A couple of summers ago I had a theory. It went something like this: “My kids are actually capable of entertaining themselves.” Now, don’t judge me. I’m not an unintelligent person. I knew that my children were physically capable of playing alone, but my Mommy guilt persuaded me that I needed to be there at all times. Wasn’t that why I was a stay-at-home mom — to be there at all times? But my kids were growing and learning and exploring independently, developing their own interests and picking their own books. Among other things, they seemed ready to ride their bikes around the neighborhood alone or walk to a friend’s house several blocks away without me. Were they ready for me to back off, just a little? Was I ready to back off, even just a little? The answer to both questions was yes, but I had no idea how to go about such a change.
Enter our 1970s summer. I used this name for my experiment because I thought it would be easier for everyone to identify with what I was trying to do if they could attach it to a bygone era. I was wrong. Most people looked at me kind of sideways with that “Ooookaaaayyyy” sort of response. I would explain that I wasn’t dressing my family in bell bottoms and feeding them Jello (yet); I was just taking a more laid-back approach to parenting. Less helicopter, more free range. More chill. I made a conscious effort to answer with fewer No’s even though No was the easier answer for me. If I was busy and the kids wanted to go on a bike ride, I would tell them they could, they’d just have to go without me. “Can we go to the park?” was sometimes met with “Yes, but stay together.” When they complained of being bored, they were given two choices: Go outside and stay there, or come in and do chores. When I needed milk or butter, I sent them to the store to get it.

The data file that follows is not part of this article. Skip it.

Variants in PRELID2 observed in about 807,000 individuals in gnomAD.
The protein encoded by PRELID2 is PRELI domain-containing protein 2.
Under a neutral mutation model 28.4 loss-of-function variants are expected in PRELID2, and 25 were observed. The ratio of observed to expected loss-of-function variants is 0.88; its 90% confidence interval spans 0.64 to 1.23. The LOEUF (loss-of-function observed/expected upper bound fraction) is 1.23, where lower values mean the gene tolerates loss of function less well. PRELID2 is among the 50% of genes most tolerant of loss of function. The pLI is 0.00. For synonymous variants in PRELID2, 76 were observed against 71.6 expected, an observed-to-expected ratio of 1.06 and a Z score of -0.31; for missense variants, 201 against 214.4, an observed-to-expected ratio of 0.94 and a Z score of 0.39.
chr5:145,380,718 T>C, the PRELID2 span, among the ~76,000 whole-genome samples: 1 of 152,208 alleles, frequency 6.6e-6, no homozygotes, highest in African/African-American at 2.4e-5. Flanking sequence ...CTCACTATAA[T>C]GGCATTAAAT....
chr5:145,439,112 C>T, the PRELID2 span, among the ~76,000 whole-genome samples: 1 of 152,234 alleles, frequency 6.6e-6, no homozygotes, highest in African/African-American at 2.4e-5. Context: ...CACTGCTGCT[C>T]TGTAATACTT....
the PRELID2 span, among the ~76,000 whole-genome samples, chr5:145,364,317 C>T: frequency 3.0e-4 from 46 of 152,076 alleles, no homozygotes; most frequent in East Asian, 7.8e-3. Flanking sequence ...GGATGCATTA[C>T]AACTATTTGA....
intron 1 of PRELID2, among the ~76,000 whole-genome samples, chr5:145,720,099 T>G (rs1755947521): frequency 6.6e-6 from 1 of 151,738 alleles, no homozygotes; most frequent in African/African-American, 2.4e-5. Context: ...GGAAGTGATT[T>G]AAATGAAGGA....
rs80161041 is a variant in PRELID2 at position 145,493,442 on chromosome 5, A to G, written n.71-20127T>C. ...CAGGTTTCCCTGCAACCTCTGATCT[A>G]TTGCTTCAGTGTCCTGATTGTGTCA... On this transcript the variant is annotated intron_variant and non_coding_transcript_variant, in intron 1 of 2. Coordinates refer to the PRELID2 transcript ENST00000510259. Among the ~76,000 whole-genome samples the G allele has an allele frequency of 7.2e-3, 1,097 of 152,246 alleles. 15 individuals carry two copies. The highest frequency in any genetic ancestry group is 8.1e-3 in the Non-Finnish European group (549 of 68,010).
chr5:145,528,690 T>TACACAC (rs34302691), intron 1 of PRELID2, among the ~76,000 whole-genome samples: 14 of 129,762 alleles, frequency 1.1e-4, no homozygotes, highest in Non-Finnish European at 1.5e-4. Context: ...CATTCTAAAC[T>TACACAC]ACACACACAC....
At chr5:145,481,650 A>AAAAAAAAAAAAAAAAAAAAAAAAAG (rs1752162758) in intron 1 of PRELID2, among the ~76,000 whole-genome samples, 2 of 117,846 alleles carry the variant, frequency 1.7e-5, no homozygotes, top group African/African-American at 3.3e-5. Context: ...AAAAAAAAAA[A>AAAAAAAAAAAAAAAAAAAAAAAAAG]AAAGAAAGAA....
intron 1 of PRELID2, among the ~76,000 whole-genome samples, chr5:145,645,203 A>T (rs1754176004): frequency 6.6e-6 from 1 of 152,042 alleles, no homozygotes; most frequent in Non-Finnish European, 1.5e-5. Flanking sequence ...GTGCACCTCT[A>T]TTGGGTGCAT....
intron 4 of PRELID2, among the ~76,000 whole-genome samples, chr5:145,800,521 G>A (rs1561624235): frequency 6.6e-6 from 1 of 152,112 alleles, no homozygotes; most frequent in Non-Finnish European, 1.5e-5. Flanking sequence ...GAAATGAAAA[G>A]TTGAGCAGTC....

These small things may not seem revolutionary to you. If you grew up or raised a family in an era where going home when the street lights came on was common, this might, in fact, seem silly. Forgive me for using this phrase, but things are different now. Parents across the nation are being arrested for allowing their children to play in the neighborhood park unsupervised. Fear governs many decisions today’s parents make, and not just fear of the what-ifs; fear of reproach. Refusing to give in to the fear of the what-ifs and the fear of reproach (and writing about it) was quite revolutionary for this Mama.
Bloomington is a supportive community and my kids have responded to their freedom with more maturity and responsibility than I ever expected. Now that our second ’70s summer has come to a close, we have decided to adopt this more chill approach to our lives in general. And we do eat more Jello than ever before.